NEW YORK (Reuters Health) – The American Academy of Pediatrics (AAP) and the Advisory Committee on Immunization Practices of the Centers for Disease Control and Prevention (CDC) recommend reducing the number of doses of rabies vaccine given for post-exposure prophylaxis (PEP) from five to four.

The Rabies Prevention Policy Update is published in the April issue of Pediatrics. The AAP’s Committee on Infectious Diseases notes that the cornerstones of rabies PEP have been prompt washing of the wound, infiltration of human rabies immune globulin around the wound, and a 5-dose schedule of cell-derived rabies vaccine administered over 28 days.

However, a vaccine shortage in 2007 prompted a review of the dosing schedule. It found that all subjects achieved an adequate titer of neutralizing antibody after the fourth dose on day 14. Furthermore, imperfect adherence to the 5-dose schedule so that only three or four doses were given in about 300 cases did not result in any human cases of rabies.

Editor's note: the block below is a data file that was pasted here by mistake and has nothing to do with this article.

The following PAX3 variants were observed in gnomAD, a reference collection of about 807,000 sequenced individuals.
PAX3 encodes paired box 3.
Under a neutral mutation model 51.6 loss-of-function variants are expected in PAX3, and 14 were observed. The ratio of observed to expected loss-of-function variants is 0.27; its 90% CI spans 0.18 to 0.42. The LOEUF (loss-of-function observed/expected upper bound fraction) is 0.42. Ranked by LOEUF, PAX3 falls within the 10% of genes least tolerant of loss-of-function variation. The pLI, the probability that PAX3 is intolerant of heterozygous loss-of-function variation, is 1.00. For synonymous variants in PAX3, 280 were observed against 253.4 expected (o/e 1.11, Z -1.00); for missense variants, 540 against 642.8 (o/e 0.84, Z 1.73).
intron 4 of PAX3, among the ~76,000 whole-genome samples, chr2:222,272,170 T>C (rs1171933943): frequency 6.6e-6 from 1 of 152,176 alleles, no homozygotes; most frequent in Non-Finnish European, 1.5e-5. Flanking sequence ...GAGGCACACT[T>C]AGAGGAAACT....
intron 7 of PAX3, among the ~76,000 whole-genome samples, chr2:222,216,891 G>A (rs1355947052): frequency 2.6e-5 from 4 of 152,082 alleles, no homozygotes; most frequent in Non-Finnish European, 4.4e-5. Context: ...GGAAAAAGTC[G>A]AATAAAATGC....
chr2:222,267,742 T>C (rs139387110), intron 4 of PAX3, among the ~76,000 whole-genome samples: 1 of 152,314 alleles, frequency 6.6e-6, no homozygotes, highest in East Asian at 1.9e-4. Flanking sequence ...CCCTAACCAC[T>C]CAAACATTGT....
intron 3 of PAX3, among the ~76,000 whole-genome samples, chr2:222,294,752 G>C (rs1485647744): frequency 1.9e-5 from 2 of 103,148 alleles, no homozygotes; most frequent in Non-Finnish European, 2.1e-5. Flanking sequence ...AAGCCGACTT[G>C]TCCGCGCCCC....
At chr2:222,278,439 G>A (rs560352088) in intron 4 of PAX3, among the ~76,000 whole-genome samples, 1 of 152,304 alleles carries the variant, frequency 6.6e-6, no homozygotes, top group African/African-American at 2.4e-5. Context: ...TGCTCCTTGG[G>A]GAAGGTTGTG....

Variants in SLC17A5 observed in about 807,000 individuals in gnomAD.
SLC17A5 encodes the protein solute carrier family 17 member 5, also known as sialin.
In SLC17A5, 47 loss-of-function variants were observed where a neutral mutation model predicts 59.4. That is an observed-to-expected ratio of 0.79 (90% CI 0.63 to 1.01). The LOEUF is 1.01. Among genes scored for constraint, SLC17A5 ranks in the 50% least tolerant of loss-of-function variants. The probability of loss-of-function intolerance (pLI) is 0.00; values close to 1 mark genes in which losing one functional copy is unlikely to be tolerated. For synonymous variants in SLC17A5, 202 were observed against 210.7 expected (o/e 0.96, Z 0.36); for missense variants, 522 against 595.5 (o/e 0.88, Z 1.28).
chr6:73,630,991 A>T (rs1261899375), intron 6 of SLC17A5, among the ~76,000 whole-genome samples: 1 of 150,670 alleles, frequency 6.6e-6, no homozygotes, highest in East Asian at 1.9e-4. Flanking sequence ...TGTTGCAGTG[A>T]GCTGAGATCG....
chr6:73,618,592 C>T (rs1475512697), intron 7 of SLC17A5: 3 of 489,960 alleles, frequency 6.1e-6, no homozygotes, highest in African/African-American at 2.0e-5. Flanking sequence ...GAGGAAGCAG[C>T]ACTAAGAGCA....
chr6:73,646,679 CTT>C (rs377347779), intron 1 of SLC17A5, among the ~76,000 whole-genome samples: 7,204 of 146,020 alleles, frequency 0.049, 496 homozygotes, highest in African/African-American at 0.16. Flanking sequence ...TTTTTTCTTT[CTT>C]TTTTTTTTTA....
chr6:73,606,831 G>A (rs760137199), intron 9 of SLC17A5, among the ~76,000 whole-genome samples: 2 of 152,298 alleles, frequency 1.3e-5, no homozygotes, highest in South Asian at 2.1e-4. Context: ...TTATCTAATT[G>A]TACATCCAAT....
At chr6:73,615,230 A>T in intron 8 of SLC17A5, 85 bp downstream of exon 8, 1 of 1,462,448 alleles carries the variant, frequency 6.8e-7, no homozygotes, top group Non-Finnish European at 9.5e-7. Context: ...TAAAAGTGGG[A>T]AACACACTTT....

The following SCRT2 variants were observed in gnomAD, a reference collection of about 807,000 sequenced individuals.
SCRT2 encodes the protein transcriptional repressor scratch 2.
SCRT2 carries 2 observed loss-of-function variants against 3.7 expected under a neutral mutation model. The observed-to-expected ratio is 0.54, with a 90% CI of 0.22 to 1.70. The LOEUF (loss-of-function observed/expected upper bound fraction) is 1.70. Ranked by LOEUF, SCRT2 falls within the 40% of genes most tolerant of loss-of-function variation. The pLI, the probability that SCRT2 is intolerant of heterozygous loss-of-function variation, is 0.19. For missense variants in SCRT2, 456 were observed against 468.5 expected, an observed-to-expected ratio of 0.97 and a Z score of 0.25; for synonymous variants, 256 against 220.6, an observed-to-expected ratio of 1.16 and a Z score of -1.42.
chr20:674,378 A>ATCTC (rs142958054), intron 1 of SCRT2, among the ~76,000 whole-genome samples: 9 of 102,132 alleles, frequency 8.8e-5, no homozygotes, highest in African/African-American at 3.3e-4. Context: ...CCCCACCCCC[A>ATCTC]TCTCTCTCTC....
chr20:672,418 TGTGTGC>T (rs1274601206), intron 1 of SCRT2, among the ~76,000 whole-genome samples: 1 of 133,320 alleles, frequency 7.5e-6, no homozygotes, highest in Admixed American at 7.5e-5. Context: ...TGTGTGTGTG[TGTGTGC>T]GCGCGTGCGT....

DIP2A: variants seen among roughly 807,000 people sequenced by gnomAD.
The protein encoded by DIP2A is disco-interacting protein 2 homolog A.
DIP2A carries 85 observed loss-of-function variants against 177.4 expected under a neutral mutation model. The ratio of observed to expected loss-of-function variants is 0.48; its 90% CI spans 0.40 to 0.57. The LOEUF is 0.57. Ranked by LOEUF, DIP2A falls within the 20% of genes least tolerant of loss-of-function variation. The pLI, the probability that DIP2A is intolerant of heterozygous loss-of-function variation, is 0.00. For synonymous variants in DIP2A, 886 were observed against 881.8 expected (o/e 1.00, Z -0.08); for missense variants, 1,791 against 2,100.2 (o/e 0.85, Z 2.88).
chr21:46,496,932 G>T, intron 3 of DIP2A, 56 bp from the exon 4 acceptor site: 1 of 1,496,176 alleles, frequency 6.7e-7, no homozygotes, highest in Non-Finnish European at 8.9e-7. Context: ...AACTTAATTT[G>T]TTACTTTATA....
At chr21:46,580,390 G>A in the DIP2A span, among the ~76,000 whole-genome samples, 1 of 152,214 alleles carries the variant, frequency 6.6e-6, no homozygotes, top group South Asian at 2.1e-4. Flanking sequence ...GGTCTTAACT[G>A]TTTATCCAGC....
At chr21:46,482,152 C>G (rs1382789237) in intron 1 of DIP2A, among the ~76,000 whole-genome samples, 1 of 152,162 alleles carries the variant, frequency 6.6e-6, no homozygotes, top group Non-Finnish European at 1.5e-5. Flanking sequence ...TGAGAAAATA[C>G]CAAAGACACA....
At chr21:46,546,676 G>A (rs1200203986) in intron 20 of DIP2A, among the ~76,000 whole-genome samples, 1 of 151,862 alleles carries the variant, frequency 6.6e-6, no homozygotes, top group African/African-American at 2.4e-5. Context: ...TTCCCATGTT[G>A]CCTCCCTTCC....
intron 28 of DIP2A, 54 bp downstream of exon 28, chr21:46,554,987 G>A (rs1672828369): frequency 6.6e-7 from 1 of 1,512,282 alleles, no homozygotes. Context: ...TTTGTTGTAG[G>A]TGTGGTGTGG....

These considerations, plus substantial projected costs savings, led to the new recommendation that four 1-mL doses of human diploid cell vaccine or purified chick embryo cell vaccine be administered to immunocompetent subjects. With the first dose given on day 0, the next three doses should be administered on days 3, 7, and 14, the report advises.

All other protocol recommendations remain unchanged. These include the recommendation that the 5-dose schedule be retained for immunosuppressed individuals, that the injections be given in the deltoid (or thigh in children) and not the gluteal area, and that pregnancy or breastfeeding are not contraindications.

Pediatrics 2011;127:785–787.